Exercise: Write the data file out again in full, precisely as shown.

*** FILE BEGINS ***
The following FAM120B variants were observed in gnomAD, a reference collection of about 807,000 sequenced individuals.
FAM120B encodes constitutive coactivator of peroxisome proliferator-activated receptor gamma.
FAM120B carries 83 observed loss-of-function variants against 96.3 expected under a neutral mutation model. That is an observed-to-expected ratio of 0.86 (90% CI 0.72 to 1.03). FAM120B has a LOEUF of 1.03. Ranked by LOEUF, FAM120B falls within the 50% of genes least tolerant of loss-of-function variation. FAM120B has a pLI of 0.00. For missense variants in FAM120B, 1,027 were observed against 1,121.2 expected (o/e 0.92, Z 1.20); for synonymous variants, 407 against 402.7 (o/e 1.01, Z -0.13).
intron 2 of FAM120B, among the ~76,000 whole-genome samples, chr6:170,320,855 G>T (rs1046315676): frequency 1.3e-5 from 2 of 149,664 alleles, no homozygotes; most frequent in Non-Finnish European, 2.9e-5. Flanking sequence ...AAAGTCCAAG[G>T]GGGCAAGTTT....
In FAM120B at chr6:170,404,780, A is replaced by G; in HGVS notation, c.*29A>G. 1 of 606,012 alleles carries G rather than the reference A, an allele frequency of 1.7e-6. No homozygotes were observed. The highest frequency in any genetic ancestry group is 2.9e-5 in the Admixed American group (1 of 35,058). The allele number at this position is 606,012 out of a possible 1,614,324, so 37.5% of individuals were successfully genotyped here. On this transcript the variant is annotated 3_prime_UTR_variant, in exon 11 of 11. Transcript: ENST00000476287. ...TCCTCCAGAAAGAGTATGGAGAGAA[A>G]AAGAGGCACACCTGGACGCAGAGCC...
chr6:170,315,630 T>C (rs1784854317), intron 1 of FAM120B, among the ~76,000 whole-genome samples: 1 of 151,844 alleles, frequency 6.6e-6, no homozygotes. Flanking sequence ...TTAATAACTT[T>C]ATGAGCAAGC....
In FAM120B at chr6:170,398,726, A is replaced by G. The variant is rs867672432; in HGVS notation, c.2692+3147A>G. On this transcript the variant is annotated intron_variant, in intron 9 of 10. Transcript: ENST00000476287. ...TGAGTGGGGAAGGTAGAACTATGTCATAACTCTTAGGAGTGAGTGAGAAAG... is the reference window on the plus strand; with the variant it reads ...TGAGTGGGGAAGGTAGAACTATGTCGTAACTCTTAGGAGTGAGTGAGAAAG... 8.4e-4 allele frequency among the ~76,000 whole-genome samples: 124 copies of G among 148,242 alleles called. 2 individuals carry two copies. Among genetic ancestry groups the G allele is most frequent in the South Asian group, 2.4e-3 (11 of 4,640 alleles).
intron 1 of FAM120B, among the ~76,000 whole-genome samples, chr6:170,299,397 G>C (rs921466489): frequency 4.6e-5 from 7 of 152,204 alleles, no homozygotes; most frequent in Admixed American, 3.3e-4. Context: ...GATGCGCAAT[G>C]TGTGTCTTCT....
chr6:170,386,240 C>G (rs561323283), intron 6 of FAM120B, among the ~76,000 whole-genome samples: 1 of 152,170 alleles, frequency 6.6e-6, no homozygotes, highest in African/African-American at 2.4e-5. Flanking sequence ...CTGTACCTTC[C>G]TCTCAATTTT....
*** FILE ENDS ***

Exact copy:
The following FAM120B variants were observed in gnomAD, a reference collection of about 807,000 sequenced individuals.
FAM120B encodes constitutive coactivator of peroxisome proliferator-activated receptor gamma.
FAM120B carries 83 observed loss-of-function variants against 96.3 expected under a neutral mutation model. That is an observed-to-expected ratio of 0.86 (90% CI 0.72 to 1.03). FAM120B has a LOEUF of 1.03. Ranked by LOEUF, FAM120B falls within the 50% of genes least tolerant of loss-of-function variation. FAM120B has a pLI of 0.00. For missense variants in FAM120B, 1,027 were observed against 1,121.2 expected (o/e 0.92, Z 1.20); for synonymous variants, 407 against 402.7 (o/e 1.01, Z -0.13).
intron 2 of FAM120B, among the ~76,000 whole-genome samples, chr6:170,320,855 G>T (rs1046315676): frequency 1.3e-5 from 2 of 149,664 alleles, no homozygotes; most frequent in Non-Finnish European, 2.9e-5. Flanking sequence ...AAAGTCCAAG[G>T]GGGCAAGTTT....
In FAM120B at chr6:170,404,780, A is replaced by G; in HGVS notation, c.*29A>G. 1 of 606,012 alleles carries G rather than the reference A, an allele frequency of 1.7e-6. No homozygotes were observed. The highest frequency in any genetic ancestry group is 2.9e-5 in the Admixed American group (1 of 35,058). The allele number at this position is 606,012 out of a possible 1,614,324, so 37.5% of individuals were successfully genotyped here. On this transcript the variant is annotated 3_prime_UTR_variant, in exon 11 of 11. Transcript: ENST00000476287. ...TCCTCCAGAAAGAGTATGGAGAGAA[A>G]AAGAGGCACACCTGGACGCAGAGCC...
chr6:170,315,630 T>C (rs1784854317), intron 1 of FAM120B, among the ~76,000 whole-genome samples: 1 of 151,844 alleles, frequency 6.6e-6, no homozygotes. Flanking sequence ...TTAATAACTT[T>C]ATGAGCAAGC....
In FAM120B at chr6:170,398,726, A is replaced by G. The variant is rs867672432; in HGVS notation, c.2692+3147A>G. On this transcript the variant is annotated intron_variant, in intron 9 of 10. Transcript: ENST00000476287. ...TGAGTGGGGAAGGTAGAACTATGTCATAACTCTTAGGAGTGAGTGAGAAAG... is the reference window on the plus strand; with the variant it reads ...TGAGTGGGGAAGGTAGAACTATGTCGTAACTCTTAGGAGTGAGTGAGAAAG... 8.4e-4 allele frequency among the ~76,000 whole-genome samples: 124 copies of G among 148,242 alleles called. 2 individuals carry two copies. Among genetic ancestry groups the G allele is most frequent in the South Asian group, 2.4e-3 (11 of 4,640 alleles).
intron 1 of FAM120B, among the ~76,000 whole-genome samples, chr6:170,299,397 G>C (rs921466489): frequency 4.6e-5 from 7 of 152,204 alleles, no homozygotes; most frequent in Admixed American, 3.3e-4. Context: ...GATGCGCAAT[G>C]TGTGTCTTCT....
chr6:170,386,240 C>G (rs561323283), intron 6 of FAM120B, among the ~76,000 whole-genome samples: 1 of 152,170 alleles, frequency 6.6e-6, no homozygotes, highest in African/African-American at 2.4e-5. Flanking sequence ...CTGTACCTTC[C>G]TCTCAATTTT....